Working in ad security and verification at GeoEdge, I get a ringside seat to see how the Security Lab develops the technology to protect against malvertising attacks and infections. And it makes me think about how malvertising came to be. So I decided to look into the matter further – and then share the info with you good people.
2007/2008: The first recorded sighting of malvertising in the wild was back in late 2007 / early 2008. This threat was based on a vulnerability in Adobe Flash (something that has continued to this day – see later) and affected a number of platforms including, some of the oldies but goodies, MySpace, Excite and Rhapsody (remember those?).
2009: The NY Times online magazine was found to be serving up an ad that was part of a larger click fraud scam that created a botnet network of malware infected computers, nicknamed the Bahama botnet, that then went onto be used to carry out click fraud on pay per click ads all over the web.
2010: Malvertising really takes off. Marketing analysts ClickZ noted that the Online Trust Alliance (OTA) identified billions of display ads, across 3500 sites carrying malware. In the same year the Online Trust Alliance formed a cross industry Anti-Malvertising Task Force.
2011: Spotify has a malvertising attack which used the ‘Blackhole’ exploit kit – this was one of the first instances of a drive-by download, where a user doesn’t even have to click on an ad to become infected with malware. According to Bluecoat Security Systems Report, 2011 saw an increase of 240% in malvertising based malicious sites.
2012: Symantec includes malvertising as a section in their Internet Security Threat Report 2013 which looked back at the landscape in 2012. Symantec used scanning software across a series of websites and detected that half of them were infected with malvertising. In 2012, the LA Times was hit by a massive malvertising attack which used the Blackhole exploit kit to infect users. It was seen as part of a general campaign of malvertising to hit large news portals – this strategy carried on into subsequent years with attacks on huffintonpost.com and the NY Times.
2013: A major malvertising campaign was waged against Yahoo.com, one of the largest ad platforms with monthly visits of 6.9 billion. The malware exploit was based on the commonly used web attack, Cross Site Scripting (XSS), number three in the top ten web attacks types identified by the Open Web Application Security Project (OWASP). The attack infected users machines with the ransomware, ‘Cryptowall’, a type of malware that extorts money from users by encrypting their data and placing a ransom of up to $1000 in bitcoins, to be paid in 7 days, to decrypt the data.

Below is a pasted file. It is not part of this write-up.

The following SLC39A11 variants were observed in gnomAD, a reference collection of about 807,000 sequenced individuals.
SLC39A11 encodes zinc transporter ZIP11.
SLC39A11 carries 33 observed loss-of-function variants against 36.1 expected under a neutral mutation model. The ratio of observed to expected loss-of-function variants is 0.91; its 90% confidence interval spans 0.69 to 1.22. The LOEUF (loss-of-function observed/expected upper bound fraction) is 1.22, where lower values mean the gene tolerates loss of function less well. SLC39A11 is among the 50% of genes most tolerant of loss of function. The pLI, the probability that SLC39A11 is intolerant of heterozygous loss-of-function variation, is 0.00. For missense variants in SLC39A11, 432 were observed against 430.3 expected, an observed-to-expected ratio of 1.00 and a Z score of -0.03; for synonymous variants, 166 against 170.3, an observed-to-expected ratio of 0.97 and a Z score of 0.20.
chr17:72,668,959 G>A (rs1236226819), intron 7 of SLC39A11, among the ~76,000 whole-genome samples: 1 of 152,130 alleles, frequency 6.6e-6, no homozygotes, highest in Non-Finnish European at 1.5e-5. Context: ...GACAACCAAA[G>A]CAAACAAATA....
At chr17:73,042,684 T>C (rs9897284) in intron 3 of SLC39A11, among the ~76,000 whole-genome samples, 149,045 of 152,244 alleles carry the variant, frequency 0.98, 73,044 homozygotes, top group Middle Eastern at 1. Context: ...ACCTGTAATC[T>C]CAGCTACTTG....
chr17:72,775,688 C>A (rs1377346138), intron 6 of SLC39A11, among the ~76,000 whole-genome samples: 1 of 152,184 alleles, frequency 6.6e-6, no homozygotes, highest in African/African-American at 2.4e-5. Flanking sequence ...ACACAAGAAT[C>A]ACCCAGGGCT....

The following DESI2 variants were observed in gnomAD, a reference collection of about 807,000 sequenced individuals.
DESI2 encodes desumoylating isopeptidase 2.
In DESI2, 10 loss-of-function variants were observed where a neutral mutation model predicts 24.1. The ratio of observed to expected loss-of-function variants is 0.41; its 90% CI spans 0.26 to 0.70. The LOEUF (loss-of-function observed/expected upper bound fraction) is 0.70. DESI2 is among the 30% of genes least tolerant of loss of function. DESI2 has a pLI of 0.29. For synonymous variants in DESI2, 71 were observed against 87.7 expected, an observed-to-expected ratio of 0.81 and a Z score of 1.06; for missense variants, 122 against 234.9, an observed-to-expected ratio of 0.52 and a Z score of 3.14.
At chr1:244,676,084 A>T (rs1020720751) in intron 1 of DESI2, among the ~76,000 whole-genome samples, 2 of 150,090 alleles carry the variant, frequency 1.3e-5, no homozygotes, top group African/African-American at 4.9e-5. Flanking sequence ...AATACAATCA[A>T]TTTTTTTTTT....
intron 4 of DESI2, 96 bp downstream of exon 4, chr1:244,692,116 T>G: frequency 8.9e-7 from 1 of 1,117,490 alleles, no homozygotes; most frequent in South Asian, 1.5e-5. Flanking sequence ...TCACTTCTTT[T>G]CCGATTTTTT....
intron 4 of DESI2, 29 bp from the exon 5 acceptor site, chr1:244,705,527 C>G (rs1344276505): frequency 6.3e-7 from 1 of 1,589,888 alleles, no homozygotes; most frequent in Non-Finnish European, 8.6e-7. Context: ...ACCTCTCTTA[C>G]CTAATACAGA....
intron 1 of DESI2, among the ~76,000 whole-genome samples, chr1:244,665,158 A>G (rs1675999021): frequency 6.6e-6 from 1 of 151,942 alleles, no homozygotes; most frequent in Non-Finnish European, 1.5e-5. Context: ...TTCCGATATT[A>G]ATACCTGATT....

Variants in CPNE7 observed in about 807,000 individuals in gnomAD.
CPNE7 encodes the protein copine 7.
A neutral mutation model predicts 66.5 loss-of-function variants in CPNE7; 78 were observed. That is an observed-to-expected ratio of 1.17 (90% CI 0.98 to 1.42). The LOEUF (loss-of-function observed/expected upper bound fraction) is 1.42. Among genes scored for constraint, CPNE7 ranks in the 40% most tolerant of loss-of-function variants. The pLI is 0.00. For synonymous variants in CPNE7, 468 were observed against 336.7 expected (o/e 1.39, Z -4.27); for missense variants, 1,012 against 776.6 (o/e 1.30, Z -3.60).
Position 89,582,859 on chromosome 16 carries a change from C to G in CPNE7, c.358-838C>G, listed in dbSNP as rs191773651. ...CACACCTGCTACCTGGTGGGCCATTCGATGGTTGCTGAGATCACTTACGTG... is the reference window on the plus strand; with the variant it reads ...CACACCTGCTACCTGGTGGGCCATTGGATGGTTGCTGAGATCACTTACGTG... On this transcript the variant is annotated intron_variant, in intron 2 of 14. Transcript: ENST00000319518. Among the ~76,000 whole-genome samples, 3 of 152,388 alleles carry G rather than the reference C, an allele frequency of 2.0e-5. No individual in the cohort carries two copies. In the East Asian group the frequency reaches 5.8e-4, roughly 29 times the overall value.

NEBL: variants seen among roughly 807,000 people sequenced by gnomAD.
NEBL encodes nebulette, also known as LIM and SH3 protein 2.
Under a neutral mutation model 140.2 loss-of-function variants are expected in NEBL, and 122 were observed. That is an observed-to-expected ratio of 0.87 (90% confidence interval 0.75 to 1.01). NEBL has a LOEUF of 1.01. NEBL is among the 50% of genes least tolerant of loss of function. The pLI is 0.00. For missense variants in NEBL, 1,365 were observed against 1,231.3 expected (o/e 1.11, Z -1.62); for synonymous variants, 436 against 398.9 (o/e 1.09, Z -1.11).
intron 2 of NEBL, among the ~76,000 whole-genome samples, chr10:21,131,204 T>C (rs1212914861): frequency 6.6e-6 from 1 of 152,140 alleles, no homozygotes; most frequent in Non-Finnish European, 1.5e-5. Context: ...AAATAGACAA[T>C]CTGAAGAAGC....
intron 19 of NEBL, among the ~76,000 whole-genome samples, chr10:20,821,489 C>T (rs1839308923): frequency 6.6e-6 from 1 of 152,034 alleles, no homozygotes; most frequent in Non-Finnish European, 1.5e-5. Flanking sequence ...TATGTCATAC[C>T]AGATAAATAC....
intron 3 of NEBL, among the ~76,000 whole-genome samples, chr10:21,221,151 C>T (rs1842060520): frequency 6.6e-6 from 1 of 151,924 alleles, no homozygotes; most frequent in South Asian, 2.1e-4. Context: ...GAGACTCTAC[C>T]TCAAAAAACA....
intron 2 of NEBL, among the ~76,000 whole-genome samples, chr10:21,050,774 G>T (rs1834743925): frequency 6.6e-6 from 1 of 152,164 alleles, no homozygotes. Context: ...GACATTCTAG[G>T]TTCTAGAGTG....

2014: There is a 325% increase in malvertising attacks according to security firm, Cyphort. 2014 saw major malvertising campaigns against Google DoubleClick and Zedo ad networks. Again news portals including Times of Israel and the Hindustan Times were affected. As in previous attacks the cybercrime involved Cryptowall as the malware infection. This spate of malvertising was believed to have brought over $1 million of ransom money in by infecting over 600,000 computers.
2015: Malvertising has truly come into its own. This year has seen attacks against, eBay, answers.com, talktalk.co.uk, wowhead.com and many others. There have been breaches of ad networks, including, DoubleClick and engage:BDR. Cybercriminals are becoming even more sophisticated in inserting malware through ad platforms, for example using ‘bait and switch’ type strategies, putting in bogus but clean ads, as a way of creating trust in their service, then replacing with infected ads. The hackers continue to use the very successful ‘redirection to exploit kit’ as well as using drive-by downloads as their way in to seamlessly infect a computer.
There has also been a report of possibly the first ‘political malvertising’ campaign by pro-Russian activists, which is based on a botnet. This attack forced users’ machines to visit bogus sites that generated ad revenue for the activists. The users also ended up at several pro-Russian propaganda videos.
2015 is also the year that malvertising has really hit the mobile user. McAfee has identified, in their Threat Report for February 2015 that malvertising is growing quickly on mobile platforms and is expected to continue to grow rapidly, targeting mobile users.
Too Hot to Handle
Looking back and then ahead, it seems that malvertising will continue to grow, not only in the online and mobile space, but also in video ads as they emerge as the fastest growing format in the non-mobile, display-related market.
Users can keep their software applications updated and that certainly helps to prevent malvertising linked infection, but unfortunately, that’s not enough. Ad network providers and publishers need help from ad security solutions that offer comprehensive security protection -- in online, mobile, and video. If you are a publisher, exchange, or platform, click here to find out more details on how to prevent malvertising infections from your sites and users.